Stan’s Obligatory Blog


To everything there is a season…

Filed under: — stan @ 6:25 pm



The Wall

Filed under: — stan @ 5:31 pm

Sunday’s bike ride was a sightseeing trip to see the one of the traveling reproductions of the Vietnam Veterans Memorial in Washington D.C. I’d been to see one of them before, many years ago, and it was an amazing experience. The Wall has become a sort of cultural touchstone, and visitors leave photos, letters, and other small items in tribute to their friends and family members who were lost in the war.

It was a perfect day for riding. Cool and sunny, and ready to warm up fast. We headed out from Victory Park and rode down to the Rio Hondo bike path, which brought us down to Whittier Narrows. Along the way, Don dropped his water bottle, and it rolled down into the wash. So we stopped while he walked down the slope to retrieve it.

From Whittier Narrows, we took Durfee Ave over to Peck Rd, which took us to Workman Mill, and Rose Hills Cemetery. The Wall was set up on a patch of ground right near the entrance. The had a display of artifacts in a tent in the parking lot. And there were people there doing a marathon reading of all the 58,000 names on the wall. We walked along the Wall and looked at all the items left there. I think it’s just the saddest thing to see those remembrances of lives lost in what I believe was a completely pointless war.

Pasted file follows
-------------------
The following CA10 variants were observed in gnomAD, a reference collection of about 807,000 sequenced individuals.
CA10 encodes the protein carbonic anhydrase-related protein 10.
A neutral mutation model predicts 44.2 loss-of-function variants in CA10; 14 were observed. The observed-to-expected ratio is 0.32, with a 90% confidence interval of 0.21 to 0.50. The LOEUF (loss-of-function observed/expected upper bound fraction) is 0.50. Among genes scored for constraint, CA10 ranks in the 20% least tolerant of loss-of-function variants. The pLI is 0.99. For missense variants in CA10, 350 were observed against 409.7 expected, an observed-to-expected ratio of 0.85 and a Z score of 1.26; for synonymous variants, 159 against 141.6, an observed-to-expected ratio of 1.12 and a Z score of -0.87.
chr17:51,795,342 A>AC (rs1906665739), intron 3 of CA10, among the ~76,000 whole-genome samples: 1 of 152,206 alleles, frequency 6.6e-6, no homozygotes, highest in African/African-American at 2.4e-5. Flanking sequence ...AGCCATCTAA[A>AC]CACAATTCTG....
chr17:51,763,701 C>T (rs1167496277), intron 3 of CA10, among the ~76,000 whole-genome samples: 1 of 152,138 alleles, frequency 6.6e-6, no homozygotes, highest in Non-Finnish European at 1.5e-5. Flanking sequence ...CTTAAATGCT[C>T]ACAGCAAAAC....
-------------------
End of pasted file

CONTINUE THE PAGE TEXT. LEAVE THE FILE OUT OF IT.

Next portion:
Leaving the cemetery, we continued on down into Whittier, and then up and over Turnbull Canyon. Coming down the far side, Silvio’s front wheel made a loud ‘SNAP’ noise, and it went wobbly. It was rubbing on the fork, which made the bike unrideable. And the wheel had carbon-fiber spokes that require a special tool to true, so he was pretty much SOL. He called home and his wife came to pick him up. The rest of us continued on.

We took Colima Rd through Hacienda Heights all the way to Azusa Ave. Then we turned north to start our way back. Azusa Ave turned out to be a pretty miserable road to ride on. It was late morning by now, and there was a lot of traffic. So I think that road is off my list for the future.

We stopped at Panera in West Covina for snacks. When I’m going in to a place like that, I generally take my bike shoes off, since walking on a tile floor with bike shoes is a lot like walking on ice. It’s very slippery and kind of precarious. But the manager of the place still gave me a hard time about it. Said he didn’t want to be sued if I stepped on something. I told him I didn’t want to sue him if I my plastic cleats slipped on the tile. So he sort of sulked and walked away.

The last drama of the ride was near the end. David got a flat. He picked up a big staple in his tire, and we ended up having to stop to change it just a mile from the finish. Still, even with all that, it was a nice ride.

58 miles.